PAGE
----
On March 15, 2019, up to 50 Muslim worshippers have been killed in Christchurch, New Zealand, during Friday prayers at two separate mosques. I’ve never felt so heartbroken over an attack before. Maybe it was because I was living in my little Doha bubble, shielded from the rest of the real world, or because I was too young to fully understand the complexity of these situations.
When I saw the notification on my phone on Friday morning, my first thought at reading the headline, “Mass Shooting in New Zealand” was, “I hope it wasn’t done by Muslims.”
Then, reading “40 Killed In Mosque Attacks,” I thought, “Please, no! It happened to Muslims. My own brothers and sisters!”
The entire day, I was in such a strange headspace. I knew I was feeling sadness, but what else? Was it shock? Surely I couldn’t be shocked over this when Muslims are constantly being persecuted around the world for practicing their religion.
Throughout the day, more information trickled in. The terrorist livestreamed the massacre on Facebook (out of respect for the dead and the families of the victims, please do not watch this); an Australian Senator blamed immigration for the attack, and cited Islam to be the “religious equivalent to fascism”; and the 17-year-old boy who egged that Senator, got punched in the face.
The monster who committed this crime was called a “shooter,” and not a “terrorist.” The murders were called an “attack,” not a “terrorist attack.”
What frustrated me the most was the response of certain Western outlets. The monster who committed this crime was called a “shooter,” and not a “terrorist.” The murders were called an “attack,” not a “terrorist attack.” One outlet referred to him as a “blonde boy” whose “dad died of cancer.” Why were they trying humanize him? Why were they trying to make us sympathize with this sick terrorist? Is it because he’s white? If the perpetrator was a Brown person, or God forbid a Muslim, can you imagine the entirely different narrative that would be put out?
Politicians refused to mention that this was a terrorist attack against Muslims. Terrorism does not pick its religion. These public figures claim to want to fight terrorism whenever there is an attack where white people are affected, but how about showing the same level of commitment when minorities are affected?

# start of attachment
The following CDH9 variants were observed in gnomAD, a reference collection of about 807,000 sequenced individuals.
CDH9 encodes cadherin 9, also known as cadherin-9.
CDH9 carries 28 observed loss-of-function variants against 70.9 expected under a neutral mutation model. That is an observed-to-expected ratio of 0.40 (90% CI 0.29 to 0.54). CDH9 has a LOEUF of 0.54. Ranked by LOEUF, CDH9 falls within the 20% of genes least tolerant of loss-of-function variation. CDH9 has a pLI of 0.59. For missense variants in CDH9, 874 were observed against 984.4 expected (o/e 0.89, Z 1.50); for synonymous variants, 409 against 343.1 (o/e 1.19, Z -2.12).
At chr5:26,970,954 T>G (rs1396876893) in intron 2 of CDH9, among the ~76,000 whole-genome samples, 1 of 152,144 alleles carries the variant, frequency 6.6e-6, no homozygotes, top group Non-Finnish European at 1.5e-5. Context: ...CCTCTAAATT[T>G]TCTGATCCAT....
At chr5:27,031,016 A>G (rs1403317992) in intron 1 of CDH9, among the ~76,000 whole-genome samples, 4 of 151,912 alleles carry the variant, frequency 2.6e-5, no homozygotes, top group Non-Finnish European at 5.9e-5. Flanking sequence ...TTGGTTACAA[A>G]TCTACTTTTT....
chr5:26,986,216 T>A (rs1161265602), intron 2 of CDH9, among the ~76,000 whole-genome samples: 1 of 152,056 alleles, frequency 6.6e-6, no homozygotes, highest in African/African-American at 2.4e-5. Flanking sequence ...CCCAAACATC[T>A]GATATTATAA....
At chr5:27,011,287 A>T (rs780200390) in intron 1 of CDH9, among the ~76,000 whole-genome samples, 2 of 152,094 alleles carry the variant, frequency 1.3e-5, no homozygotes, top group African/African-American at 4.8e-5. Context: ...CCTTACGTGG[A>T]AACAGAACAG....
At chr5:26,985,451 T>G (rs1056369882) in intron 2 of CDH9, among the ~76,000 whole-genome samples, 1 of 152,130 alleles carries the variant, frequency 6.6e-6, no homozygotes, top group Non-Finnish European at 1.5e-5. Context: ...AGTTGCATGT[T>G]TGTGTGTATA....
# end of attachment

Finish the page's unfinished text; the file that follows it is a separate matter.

On Tuesday, I wrote a Facebook post expressing my concerns over growing Islamophobia within political parties, and how this fuels hate crimes. Three days later, this massacre happens as a result of institutionalised and structural Islamophobia. This time last year, I experienced an Islamophobic incident myself, when an ex-friend said to me, “10 points if I rip off your hijab.” These events are traumatic and triggering, so we need to be there to support our friends.
But this is not about the media, or the politicians, or me. This is about the victims. The innocent Muslim lives that have been lost. The families that have been torn apart. The children who will grow up not knowing their parents.
We can unite together through love, and kindness. At the centre of Islam is peace. We will not let hatred and oppression, in any form, win. Islamophobia is real; do not normalize it. Do not trivialize it.
To my Muslim friends, your lives are worthy and valid.
These are the confirmed victims, remember their names:
Mucad Ibrahim, 3
Zulfirman Syah and son Averroes
Abdullahi Dirie, 4
Sayyad Milne, 14
Khaled Mustafa and son Hamza, 16
Naeem Rashid & son Talha, 21
Ansi Karippakulam Alibava, 25
Vora Ramiz, 28
Farhaj Ahsan, 30
Mojammel Hoq, 30
Atta Elayyan, 33
Syed Jahandad Ali, 34
Hussain Al-Umari, 36
Osama Adnan, 37
Kamel Darwish, 39
Haroon Mahmood, 40
Husne Ara Parvin, 42
Mohammad Imran Kahn, 47
Amjad Hamid, 57
Abdelfattah Qasem, 59
Linda Armstrong, 65
Ali Elmadani, 66
Haji-Daoud Nabi, 71
Lilik Abdul Hamid
إنا لله وإنا إليه راجعون